Judging Cultures by Their Films: Anthropologists Say, "Bad Idea"

        Attempting to judge a culture's morals, values, history and politics only through its popular media can be dangerous. The culture of a country is made up of the people within that country.

        Melting pot cultures, such as the USA have very diverse cultures that span across a continent. Even more ethnic cultures, such as Japan, have a diverse cultural landscape made up of individuals. In some countries the popular media are owned by political parties, making them inseparable, such as the 1925 Soviet propaganda film Battleship Potemkin, directed by Sergei M. Eisenstein. In other countries films are made by a small minority of people that can place their own agendas into the movies that are made.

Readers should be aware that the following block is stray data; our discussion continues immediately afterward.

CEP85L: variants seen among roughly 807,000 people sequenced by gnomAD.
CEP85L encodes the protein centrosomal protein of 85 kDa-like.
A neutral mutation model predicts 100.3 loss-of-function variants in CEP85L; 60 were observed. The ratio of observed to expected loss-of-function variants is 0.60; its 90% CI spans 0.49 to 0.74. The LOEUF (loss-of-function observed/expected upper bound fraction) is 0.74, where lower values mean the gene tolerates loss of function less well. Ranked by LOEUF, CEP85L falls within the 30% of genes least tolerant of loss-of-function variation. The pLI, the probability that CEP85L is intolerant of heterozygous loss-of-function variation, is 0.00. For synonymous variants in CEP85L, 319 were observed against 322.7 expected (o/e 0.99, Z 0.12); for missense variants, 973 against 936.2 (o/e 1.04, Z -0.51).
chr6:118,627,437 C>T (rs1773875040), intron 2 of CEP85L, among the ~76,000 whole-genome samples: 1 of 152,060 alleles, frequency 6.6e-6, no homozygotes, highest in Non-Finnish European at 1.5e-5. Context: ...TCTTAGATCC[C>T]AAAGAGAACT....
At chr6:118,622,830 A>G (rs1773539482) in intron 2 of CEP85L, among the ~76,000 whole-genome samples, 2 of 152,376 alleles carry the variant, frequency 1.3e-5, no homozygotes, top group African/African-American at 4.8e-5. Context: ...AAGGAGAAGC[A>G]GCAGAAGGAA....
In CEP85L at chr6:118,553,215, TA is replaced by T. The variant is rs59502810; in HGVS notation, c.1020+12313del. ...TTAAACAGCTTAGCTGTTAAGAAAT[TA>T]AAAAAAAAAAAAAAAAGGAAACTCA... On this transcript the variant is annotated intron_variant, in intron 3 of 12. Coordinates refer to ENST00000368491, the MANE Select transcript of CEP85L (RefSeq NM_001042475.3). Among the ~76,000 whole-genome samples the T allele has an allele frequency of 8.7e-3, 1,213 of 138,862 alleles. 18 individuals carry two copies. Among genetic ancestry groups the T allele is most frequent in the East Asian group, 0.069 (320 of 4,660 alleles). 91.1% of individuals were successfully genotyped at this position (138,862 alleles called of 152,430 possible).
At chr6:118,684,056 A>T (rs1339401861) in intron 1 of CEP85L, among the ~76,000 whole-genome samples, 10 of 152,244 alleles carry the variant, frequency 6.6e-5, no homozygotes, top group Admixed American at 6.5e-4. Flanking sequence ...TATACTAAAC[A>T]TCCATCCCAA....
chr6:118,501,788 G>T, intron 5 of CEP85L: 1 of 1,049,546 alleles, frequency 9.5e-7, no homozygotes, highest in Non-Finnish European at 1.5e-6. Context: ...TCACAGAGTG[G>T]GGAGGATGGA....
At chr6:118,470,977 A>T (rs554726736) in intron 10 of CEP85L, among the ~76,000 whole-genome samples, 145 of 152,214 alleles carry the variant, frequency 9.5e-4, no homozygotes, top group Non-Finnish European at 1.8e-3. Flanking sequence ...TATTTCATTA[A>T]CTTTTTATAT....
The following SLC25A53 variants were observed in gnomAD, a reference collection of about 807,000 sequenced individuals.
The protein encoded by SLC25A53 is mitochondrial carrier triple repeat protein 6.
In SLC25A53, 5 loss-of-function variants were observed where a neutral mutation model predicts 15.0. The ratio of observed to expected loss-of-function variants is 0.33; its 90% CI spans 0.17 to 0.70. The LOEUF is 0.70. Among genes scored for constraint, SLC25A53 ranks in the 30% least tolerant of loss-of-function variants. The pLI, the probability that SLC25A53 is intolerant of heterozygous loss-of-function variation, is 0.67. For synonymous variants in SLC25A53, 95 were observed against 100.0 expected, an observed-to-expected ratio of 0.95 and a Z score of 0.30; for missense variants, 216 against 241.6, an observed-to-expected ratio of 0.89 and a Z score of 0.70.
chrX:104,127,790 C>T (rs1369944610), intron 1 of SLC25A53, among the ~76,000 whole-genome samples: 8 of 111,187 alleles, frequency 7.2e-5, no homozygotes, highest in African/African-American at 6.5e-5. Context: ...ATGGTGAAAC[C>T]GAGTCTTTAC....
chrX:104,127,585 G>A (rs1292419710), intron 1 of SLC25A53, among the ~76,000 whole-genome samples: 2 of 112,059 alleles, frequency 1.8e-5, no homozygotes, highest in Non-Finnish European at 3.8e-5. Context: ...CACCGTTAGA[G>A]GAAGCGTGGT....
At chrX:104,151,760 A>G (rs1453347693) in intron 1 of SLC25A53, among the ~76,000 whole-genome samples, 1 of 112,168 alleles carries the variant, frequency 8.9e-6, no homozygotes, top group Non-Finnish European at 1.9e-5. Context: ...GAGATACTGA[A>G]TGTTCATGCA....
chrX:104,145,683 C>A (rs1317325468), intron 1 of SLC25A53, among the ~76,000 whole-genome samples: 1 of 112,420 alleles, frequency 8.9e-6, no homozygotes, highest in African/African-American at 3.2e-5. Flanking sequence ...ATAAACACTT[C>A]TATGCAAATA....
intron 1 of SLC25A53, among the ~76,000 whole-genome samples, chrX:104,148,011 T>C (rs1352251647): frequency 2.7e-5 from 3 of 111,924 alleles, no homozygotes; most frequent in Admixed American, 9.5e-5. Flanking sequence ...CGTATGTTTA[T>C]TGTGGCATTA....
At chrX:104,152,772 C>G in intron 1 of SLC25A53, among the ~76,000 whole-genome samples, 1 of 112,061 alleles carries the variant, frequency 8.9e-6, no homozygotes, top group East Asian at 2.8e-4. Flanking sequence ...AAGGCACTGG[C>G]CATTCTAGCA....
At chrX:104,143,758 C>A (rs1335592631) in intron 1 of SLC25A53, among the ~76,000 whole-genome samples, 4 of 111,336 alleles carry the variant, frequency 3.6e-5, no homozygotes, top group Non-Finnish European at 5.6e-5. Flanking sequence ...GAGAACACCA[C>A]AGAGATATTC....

Using the American films shown in class to find both the good and bad aspects of American culture, we would find ourselves generally well balanced between good and evil, though these would not be entirely accurate for everyone in America. Americans are shown to be brave (Birth of a Nation, King Kong, High Noon), egocentric (King Kong, Bonnie and Clyde), smart (Invasion of the Body Snatchers), and cowardly (High Noon).

        Is everyone in America going to leave a man to fight a bloodthirsty gang of robbers out for revenge alone? Would everyone in America sail to an unknown island and try to capture a gigantic ape? No, most would not; but, taken at face value, these movies and many others before and since, can give people the wrong impression about the cultures that made them, some more so than any book or news clipping.

Michael Belcher

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